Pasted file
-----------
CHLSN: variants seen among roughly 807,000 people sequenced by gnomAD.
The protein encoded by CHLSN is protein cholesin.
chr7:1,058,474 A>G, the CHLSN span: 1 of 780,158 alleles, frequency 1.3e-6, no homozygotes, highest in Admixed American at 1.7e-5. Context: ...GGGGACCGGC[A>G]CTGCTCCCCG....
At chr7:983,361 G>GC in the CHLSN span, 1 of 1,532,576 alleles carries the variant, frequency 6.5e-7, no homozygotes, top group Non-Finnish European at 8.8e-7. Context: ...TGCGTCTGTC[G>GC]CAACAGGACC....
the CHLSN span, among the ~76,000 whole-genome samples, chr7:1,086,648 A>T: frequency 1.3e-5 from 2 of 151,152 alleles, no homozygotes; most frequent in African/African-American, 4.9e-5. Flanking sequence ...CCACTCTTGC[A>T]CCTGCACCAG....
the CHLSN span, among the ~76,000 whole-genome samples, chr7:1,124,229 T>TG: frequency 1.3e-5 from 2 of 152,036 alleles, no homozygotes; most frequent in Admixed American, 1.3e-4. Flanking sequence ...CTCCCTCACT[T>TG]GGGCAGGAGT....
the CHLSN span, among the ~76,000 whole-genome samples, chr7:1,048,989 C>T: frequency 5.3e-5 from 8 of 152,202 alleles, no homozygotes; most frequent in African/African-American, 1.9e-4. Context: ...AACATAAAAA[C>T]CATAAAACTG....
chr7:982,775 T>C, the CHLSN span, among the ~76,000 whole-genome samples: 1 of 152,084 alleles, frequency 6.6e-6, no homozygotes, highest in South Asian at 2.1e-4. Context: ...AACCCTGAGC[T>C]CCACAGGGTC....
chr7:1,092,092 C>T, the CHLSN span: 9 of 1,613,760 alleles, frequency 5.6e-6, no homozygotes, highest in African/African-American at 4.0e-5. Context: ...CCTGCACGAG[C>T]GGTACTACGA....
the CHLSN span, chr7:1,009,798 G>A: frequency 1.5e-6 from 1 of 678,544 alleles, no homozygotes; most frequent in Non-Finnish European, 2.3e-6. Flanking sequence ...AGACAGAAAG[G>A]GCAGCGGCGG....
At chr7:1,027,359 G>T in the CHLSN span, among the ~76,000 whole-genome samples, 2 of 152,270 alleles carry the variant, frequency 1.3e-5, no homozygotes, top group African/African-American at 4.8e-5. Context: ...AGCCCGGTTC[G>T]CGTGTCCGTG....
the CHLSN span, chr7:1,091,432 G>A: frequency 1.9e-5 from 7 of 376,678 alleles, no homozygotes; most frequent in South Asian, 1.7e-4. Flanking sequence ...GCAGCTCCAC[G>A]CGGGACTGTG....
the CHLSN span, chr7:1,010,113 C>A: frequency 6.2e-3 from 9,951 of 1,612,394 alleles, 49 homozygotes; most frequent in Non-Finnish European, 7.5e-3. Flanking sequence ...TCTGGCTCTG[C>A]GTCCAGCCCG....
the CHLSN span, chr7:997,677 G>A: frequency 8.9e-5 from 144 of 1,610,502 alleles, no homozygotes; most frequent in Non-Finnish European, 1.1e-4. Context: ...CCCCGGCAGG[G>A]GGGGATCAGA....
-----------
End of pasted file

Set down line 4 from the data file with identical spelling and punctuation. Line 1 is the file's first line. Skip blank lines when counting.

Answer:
At chr7:983,361 G>GC in the CHLSN span, 1 of 1,532,576 alleles carries the variant, frequency 6.5e-7, no homozygotes, top group Non-Finnish European at 8.8e-7. Context: ...TGCGTCTGTC[G>GC]CAACAGGACC....